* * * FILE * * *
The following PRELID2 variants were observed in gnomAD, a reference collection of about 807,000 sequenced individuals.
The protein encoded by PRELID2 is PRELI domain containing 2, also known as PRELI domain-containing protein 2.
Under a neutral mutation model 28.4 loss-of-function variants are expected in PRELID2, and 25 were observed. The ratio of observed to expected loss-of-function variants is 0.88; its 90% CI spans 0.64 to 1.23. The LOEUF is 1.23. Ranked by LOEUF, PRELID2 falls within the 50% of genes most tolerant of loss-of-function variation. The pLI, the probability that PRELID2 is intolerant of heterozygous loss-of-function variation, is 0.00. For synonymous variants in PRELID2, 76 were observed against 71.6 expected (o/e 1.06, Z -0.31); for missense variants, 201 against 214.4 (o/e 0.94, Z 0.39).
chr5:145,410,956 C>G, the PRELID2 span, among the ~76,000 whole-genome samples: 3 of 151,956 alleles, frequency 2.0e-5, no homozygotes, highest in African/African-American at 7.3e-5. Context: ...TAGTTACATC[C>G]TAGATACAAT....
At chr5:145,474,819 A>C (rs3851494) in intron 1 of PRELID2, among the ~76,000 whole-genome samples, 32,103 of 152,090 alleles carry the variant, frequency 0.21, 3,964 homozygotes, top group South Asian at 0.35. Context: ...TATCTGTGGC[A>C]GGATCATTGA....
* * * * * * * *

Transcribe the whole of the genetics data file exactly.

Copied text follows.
The following PRELID2 variants were observed in gnomAD, a reference collection of about 807,000 sequenced individuals.
The protein encoded by PRELID2 is PRELI domain containing 2, also known as PRELI domain-containing protein 2.
Under a neutral mutation model 28.4 loss-of-function variants are expected in PRELID2, and 25 were observed. The ratio of observed to expected loss-of-function variants is 0.88; its 90% CI spans 0.64 to 1.23. The LOEUF is 1.23. Ranked by LOEUF, PRELID2 falls within the 50% of genes most tolerant of loss-of-function variation. The pLI, the probability that PRELID2 is intolerant of heterozygous loss-of-function variation, is 0.00. For synonymous variants in PRELID2, 76 were observed against 71.6 expected (o/e 1.06, Z -0.31); for missense variants, 201 against 214.4 (o/e 0.94, Z 0.39).
chr5:145,410,956 C>G, the PRELID2 span, among the ~76,000 whole-genome samples: 3 of 151,956 alleles, frequency 2.0e-5, no homozygotes, highest in African/African-American at 7.3e-5. Context: ...TAGTTACATC[C>G]TAGATACAAT....
At chr5:145,474,819 A>C (rs3851494) in intron 1 of PRELID2, among the ~76,000 whole-genome samples, 32,103 of 152,090 alleles carry the variant, frequency 0.21, 3,964 homozygotes, top group South Asian at 0.35. Context: ...TATCTGTGGC[A>C]GGATCATTGA....